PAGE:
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Dairy farm dirty water - seeking the best solutions to avoid pollution - LK0650

Although dirty water is less contaminated than most slurries, large volumes are produced on many UK farms and often, irrigation to land is the only practical disposal route. Consequently, on heavy soils, rapid movement through field drainage systems and/or surface run-off can cause water pollution. Various experimental treatment processes have been shown to reduce the polluting power of dirty water before land spreading, suggesting that costs can be reduced if subsequent soil activity can complete the process. However, an optimal technique has yet to be established to minimise costs whilst ensuring pollution avoidance. Hence, this three year project will identify, develop and assess the best practical means at minimal cost to reduce water pollution risks following the irrigation of dirty water to land with specific emphasis on: (a) nitrogen compounds(e.g. ammonia, ammonium ions, nitrates, etc; (b)organic matter (e.g. Biochemical Oxygen Demand); (c) phosphorus and (d) E. coli as a general indicator of pathogen load. Four pilot-scale treatment strategies (reedbeds, percolating soil plots, overland flow plots and settlement plus intensive aeration)will be evaluated in conjunction with measurement of the ability of various soils to achieve final purification after land spreading. The project aims to reduce the gap between pilot-scale research and full scale demonstration of results. It will deliver a specification for a full-scale treatment system to demonstrate the principles of efficient dirty water management. Dissemination of results will include demonstartion of the treatment processes to key representatives of the dairy farming industry; the process equipment supply industry; consultants and environmental regulators. The resulting Intellectual Property Rights will be shared by the members of the project consortium, which includes representatives of all key stakeholder groups.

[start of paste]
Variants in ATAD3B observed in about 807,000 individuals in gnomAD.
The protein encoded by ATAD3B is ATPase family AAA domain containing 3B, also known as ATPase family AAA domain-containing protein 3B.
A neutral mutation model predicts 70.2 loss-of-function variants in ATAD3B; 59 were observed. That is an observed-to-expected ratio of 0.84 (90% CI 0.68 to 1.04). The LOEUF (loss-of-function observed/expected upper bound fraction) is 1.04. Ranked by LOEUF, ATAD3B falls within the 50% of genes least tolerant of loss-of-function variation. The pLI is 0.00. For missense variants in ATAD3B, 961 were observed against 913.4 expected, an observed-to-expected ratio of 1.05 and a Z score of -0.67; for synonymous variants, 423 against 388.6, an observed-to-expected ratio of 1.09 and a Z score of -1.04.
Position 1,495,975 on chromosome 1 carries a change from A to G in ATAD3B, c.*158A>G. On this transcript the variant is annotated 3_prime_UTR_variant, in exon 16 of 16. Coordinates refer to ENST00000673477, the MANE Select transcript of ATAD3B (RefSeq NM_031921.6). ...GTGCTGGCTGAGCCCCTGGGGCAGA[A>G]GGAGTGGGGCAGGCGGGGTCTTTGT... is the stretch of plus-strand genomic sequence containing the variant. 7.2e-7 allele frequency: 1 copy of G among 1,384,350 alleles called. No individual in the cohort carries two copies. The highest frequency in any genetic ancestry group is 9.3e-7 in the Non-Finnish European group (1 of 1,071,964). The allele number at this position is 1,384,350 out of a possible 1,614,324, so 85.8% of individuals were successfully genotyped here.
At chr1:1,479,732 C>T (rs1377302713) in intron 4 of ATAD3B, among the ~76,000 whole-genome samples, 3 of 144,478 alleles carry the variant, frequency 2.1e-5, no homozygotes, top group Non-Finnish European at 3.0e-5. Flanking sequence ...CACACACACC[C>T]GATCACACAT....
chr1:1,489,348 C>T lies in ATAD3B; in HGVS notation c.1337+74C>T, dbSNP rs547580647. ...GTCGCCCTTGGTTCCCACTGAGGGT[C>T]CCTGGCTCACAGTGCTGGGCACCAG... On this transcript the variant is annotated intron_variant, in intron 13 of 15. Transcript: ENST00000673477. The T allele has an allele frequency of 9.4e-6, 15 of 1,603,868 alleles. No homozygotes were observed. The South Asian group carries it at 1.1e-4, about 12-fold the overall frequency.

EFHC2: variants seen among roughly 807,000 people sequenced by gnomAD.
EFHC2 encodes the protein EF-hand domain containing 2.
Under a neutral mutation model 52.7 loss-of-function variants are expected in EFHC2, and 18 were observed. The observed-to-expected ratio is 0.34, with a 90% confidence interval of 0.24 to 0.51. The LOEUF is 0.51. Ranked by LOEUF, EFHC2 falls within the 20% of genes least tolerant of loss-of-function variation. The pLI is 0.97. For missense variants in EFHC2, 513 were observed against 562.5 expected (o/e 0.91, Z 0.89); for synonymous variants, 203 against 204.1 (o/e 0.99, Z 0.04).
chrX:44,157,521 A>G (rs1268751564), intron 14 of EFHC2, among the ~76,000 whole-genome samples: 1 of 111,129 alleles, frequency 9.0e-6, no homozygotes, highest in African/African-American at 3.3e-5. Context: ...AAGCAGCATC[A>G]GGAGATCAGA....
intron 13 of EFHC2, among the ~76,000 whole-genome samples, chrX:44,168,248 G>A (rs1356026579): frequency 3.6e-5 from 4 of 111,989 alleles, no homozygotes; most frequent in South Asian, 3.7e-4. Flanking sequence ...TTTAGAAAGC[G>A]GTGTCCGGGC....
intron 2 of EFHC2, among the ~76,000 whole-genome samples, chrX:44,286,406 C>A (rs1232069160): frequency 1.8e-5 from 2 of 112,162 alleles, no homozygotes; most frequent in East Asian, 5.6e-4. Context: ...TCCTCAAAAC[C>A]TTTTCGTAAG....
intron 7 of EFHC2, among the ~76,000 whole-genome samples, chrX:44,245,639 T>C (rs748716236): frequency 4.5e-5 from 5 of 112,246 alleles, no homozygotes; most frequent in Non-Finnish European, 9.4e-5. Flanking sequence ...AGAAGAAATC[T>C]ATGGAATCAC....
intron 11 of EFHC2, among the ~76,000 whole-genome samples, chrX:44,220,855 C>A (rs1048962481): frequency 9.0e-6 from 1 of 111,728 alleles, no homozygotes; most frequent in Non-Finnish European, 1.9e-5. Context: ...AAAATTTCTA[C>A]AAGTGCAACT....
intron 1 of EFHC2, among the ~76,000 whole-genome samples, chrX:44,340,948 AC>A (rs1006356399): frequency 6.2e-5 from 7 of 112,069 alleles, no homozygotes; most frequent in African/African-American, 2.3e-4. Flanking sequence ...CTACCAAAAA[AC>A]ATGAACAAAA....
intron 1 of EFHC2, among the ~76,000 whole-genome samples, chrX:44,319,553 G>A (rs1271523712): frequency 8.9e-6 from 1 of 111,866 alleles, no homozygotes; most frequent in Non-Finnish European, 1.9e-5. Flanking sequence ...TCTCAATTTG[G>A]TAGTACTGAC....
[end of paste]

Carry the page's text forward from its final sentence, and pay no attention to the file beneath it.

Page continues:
Project Documents
• Executive Summary : Dairy Farm Dirty Water - Seeking the best solutions to avoid pollution   (605k)
Time-Scale and Cost
From: 2002

To: 2005

Cost: £192,850
Contractor / Funded Organisations
Silsoe Research Institute (BBSRC), University - Cranfield, University - Birmingham, Institute of Grassland and Environment Research (IGER), Pallinghurst Farm Partners, ADAS UK Ltd., A.R.M. Ltd, Carier Pollution Control Ltd, Milk Development Council
Livestock Farming              
Sustainable Production              
Water Pollution